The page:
An EEG investigation of sleep homeostasis in healthy and CLN5 Batten disease affected sheep
Perentos, N.; Martins, A. Q.; Cumming, R. J. M.; Mitchell, Nadia L.; Palmer, David N.; Sawiak, S. J.; Morton, A. J.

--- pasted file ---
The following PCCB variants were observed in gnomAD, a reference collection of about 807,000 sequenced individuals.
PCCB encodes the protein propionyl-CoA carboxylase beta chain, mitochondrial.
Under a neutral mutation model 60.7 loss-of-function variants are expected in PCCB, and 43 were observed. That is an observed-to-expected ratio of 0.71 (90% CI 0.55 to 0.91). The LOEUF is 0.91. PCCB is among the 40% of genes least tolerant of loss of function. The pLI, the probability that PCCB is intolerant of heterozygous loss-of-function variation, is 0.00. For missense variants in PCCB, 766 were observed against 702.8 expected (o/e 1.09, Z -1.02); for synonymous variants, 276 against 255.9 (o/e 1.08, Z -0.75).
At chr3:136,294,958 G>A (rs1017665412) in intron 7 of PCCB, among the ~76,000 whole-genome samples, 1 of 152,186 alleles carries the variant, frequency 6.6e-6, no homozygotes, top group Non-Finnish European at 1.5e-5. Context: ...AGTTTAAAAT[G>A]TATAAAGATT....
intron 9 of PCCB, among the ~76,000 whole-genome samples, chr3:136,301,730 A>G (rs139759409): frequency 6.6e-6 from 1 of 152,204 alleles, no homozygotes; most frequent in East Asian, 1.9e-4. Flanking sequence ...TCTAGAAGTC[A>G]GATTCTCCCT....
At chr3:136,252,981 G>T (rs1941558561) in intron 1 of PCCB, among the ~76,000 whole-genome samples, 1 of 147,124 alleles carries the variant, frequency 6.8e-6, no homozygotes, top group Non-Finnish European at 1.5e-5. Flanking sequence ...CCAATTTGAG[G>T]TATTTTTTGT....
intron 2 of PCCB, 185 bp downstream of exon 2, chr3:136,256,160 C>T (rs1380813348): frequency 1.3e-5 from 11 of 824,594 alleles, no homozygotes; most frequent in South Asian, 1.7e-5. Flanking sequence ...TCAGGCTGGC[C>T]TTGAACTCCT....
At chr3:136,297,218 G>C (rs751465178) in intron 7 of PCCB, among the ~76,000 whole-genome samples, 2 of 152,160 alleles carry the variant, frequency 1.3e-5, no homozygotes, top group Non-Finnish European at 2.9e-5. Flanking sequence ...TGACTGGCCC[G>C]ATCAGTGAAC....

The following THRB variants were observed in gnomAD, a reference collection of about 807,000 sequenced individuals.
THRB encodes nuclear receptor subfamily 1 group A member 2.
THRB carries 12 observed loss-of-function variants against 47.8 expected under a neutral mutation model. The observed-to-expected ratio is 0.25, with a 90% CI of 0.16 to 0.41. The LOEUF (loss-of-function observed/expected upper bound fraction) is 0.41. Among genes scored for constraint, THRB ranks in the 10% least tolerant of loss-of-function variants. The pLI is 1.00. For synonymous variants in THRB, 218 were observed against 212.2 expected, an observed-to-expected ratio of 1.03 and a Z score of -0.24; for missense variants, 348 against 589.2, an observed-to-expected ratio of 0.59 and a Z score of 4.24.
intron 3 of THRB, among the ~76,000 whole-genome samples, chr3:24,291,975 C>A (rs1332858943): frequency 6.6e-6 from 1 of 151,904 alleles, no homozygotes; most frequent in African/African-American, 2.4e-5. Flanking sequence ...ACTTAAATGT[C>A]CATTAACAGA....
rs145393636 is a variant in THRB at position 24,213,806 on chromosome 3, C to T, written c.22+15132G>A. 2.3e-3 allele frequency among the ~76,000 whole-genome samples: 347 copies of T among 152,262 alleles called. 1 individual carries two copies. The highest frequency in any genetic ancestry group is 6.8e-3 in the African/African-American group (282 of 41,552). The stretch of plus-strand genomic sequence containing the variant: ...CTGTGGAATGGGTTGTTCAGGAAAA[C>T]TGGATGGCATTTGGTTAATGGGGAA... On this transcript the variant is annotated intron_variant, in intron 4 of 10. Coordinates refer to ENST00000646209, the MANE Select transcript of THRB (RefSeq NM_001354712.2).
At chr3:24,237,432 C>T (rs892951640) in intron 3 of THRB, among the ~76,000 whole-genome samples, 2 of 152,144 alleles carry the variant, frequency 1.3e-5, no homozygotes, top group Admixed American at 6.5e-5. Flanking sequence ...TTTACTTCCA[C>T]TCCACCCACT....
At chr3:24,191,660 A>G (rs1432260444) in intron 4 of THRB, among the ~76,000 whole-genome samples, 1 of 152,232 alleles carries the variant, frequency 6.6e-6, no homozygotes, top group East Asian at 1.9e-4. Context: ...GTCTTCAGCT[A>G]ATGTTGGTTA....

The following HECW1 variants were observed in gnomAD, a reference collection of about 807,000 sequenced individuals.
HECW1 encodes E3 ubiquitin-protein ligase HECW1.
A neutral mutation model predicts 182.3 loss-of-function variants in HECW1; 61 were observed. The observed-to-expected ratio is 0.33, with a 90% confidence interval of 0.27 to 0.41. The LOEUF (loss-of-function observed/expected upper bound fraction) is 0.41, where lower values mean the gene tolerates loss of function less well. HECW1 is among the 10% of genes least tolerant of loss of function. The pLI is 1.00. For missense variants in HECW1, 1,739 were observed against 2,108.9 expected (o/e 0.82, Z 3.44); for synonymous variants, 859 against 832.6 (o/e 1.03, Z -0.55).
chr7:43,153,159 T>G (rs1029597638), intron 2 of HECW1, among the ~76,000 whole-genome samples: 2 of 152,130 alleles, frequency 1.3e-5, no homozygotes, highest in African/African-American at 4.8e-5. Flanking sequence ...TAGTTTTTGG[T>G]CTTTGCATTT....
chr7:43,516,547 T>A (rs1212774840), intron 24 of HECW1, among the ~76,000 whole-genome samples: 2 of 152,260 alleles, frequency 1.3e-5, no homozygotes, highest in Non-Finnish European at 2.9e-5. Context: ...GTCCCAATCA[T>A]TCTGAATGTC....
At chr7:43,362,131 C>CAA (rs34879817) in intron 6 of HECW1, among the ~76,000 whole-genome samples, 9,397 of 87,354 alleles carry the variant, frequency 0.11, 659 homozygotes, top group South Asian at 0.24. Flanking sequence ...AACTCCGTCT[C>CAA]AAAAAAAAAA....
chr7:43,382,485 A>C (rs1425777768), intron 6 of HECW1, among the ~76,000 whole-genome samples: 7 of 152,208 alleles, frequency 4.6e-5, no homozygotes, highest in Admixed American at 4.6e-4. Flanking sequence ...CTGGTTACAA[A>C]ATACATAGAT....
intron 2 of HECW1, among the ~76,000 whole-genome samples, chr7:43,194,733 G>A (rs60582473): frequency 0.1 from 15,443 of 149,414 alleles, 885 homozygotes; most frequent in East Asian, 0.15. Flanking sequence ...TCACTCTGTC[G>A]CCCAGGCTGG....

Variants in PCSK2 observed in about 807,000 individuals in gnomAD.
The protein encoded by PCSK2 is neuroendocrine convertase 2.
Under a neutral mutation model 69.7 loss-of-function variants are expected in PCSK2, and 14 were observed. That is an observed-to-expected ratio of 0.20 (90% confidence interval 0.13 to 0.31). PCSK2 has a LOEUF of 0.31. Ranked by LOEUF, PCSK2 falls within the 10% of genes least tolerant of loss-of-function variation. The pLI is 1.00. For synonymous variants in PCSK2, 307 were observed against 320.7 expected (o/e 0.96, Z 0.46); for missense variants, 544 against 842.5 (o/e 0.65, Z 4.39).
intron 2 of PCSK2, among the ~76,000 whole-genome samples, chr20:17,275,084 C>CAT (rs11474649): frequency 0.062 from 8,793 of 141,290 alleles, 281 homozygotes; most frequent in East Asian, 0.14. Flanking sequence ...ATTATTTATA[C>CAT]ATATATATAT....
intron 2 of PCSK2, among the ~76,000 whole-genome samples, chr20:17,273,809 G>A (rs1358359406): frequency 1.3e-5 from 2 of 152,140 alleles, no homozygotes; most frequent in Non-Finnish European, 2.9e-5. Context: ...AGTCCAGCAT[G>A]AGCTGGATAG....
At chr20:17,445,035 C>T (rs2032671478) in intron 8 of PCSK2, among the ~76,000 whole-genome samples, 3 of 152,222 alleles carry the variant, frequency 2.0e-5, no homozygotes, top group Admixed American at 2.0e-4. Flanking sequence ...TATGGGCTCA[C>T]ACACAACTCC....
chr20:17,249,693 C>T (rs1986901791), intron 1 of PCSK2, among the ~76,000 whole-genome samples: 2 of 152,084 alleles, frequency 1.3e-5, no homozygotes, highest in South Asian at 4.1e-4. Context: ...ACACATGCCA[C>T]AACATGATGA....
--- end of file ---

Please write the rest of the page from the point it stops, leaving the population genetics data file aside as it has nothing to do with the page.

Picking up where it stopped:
Sheep have large brains with human-like anatomy, making them a useful species for studying brain function. Sleep homeostasis has not been studied in sheep. Here, we establish correlates of sleep homeostasis in sheep through a sleep deprivation experiment. We then use these correlates to elucidate the nature of sleep deficits in a naturally occurring ovine model of neuronal ceroid lipofuscinosis (NCL, Batten disease) caused by a mutation in CLN5. In humans, mutations in this gene lead to cortical atrophy and blindness, as well as sleep abnormalities. We recorded electroencephalograms (EEGs) from unaffected and early stage CLN5−/− (homozygous, affected) sheep over 3 consecutive days, the second day being the sleep deprivation day. In unaffected sheep, sleep deprivation led to increased EEG delta (0.5– 4 Hz) power during non-rapid eye movement (NREM) sleep, increased time spent in the NREM sleep state, and increased NREM sleep bout length. CLN5−/− sheep showed comparable increases in time spent in NREM sleep and NREM sleep bout duration, verifying the presence of increased sleep pressure in both groups. Importantly, CLN5−/− sheep did not show the increase in NREM sleep delta power seen in unaffected sheep. This divergent delta power response is consistent with the known cortical degeneration in CLN5−/− sheep. We conclude that, whereas sleep homeostasis is present in CLN5−/− sheep, underlying CLN5−/− disease processes prevent its full expression, even at early stages. Such deficits may contribute to early abnormalities seen in sheep and patients and warrant further study.... [Show full abstract]